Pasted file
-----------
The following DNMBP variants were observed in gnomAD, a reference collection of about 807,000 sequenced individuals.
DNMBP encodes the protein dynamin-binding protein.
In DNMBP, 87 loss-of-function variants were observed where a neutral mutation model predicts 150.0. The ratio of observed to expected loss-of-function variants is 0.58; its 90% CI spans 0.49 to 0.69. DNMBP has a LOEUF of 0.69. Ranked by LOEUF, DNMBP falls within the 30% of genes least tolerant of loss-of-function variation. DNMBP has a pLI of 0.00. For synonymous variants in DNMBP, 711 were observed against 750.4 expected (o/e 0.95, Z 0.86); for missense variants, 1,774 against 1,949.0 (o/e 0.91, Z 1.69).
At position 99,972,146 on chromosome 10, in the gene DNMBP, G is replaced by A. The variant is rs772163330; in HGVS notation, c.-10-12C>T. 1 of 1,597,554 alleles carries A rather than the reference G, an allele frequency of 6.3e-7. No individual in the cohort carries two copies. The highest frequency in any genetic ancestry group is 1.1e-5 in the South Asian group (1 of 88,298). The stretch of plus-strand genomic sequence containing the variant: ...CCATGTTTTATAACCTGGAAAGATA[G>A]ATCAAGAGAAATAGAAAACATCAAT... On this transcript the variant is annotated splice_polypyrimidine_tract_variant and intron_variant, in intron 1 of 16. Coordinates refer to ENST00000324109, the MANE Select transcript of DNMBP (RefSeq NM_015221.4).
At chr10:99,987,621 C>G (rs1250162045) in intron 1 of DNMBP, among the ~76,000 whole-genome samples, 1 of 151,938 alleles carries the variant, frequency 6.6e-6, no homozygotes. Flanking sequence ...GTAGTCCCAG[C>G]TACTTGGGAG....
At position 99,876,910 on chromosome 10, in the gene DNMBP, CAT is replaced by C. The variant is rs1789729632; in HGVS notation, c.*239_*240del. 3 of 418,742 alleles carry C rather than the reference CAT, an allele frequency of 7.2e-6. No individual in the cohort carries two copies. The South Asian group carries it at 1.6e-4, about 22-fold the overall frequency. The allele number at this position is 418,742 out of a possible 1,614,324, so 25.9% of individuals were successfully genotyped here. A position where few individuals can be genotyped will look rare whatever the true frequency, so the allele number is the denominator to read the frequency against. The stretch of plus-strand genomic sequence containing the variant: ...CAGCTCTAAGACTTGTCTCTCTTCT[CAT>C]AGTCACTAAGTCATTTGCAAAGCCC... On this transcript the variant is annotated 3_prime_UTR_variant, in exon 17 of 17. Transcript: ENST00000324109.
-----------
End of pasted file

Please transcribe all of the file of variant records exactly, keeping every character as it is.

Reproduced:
The following DNMBP variants were observed in gnomAD, a reference collection of about 807,000 sequenced individuals.
DNMBP encodes the protein dynamin-binding protein.
In DNMBP, 87 loss-of-function variants were observed where a neutral mutation model predicts 150.0. The ratio of observed to expected loss-of-function variants is 0.58; its 90% CI spans 0.49 to 0.69. DNMBP has a LOEUF of 0.69. Ranked by LOEUF, DNMBP falls within the 30% of genes least tolerant of loss-of-function variation. DNMBP has a pLI of 0.00. For synonymous variants in DNMBP, 711 were observed against 750.4 expected (o/e 0.95, Z 0.86); for missense variants, 1,774 against 1,949.0 (o/e 0.91, Z 1.69).
At position 99,972,146 on chromosome 10, in the gene DNMBP, G is replaced by A. The variant is rs772163330; in HGVS notation, c.-10-12C>T. 1 of 1,597,554 alleles carries A rather than the reference G, an allele frequency of 6.3e-7. No individual in the cohort carries two copies. The highest frequency in any genetic ancestry group is 1.1e-5 in the South Asian group (1 of 88,298). The stretch of plus-strand genomic sequence containing the variant: ...CCATGTTTTATAACCTGGAAAGATA[G>A]ATCAAGAGAAATAGAAAACATCAAT... On this transcript the variant is annotated splice_polypyrimidine_tract_variant and intron_variant, in intron 1 of 16. Coordinates refer to ENST00000324109, the MANE Select transcript of DNMBP (RefSeq NM_015221.4).
At chr10:99,987,621 C>G (rs1250162045) in intron 1 of DNMBP, among the ~76,000 whole-genome samples, 1 of 151,938 alleles carries the variant, frequency 6.6e-6, no homozygotes. Flanking sequence ...GTAGTCCCAG[C>G]TACTTGGGAG....
At position 99,876,910 on chromosome 10, in the gene DNMBP, CAT is replaced by C. The variant is rs1789729632; in HGVS notation, c.*239_*240del. 3 of 418,742 alleles carry C rather than the reference CAT, an allele frequency of 7.2e-6. No individual in the cohort carries two copies. The South Asian group carries it at 1.6e-4, about 22-fold the overall frequency. The allele number at this position is 418,742 out of a possible 1,614,324, so 25.9% of individuals were successfully genotyped here. A position where few individuals can be genotyped will look rare whatever the true frequency, so the allele number is the denominator to read the frequency against. The stretch of plus-strand genomic sequence containing the variant: ...CAGCTCTAAGACTTGTCTCTCTTCT[CAT>C]AGTCACTAAGTCATTTGCAAAGCCC... On this transcript the variant is annotated 3_prime_UTR_variant, in exon 17 of 17. Transcript: ENST00000324109.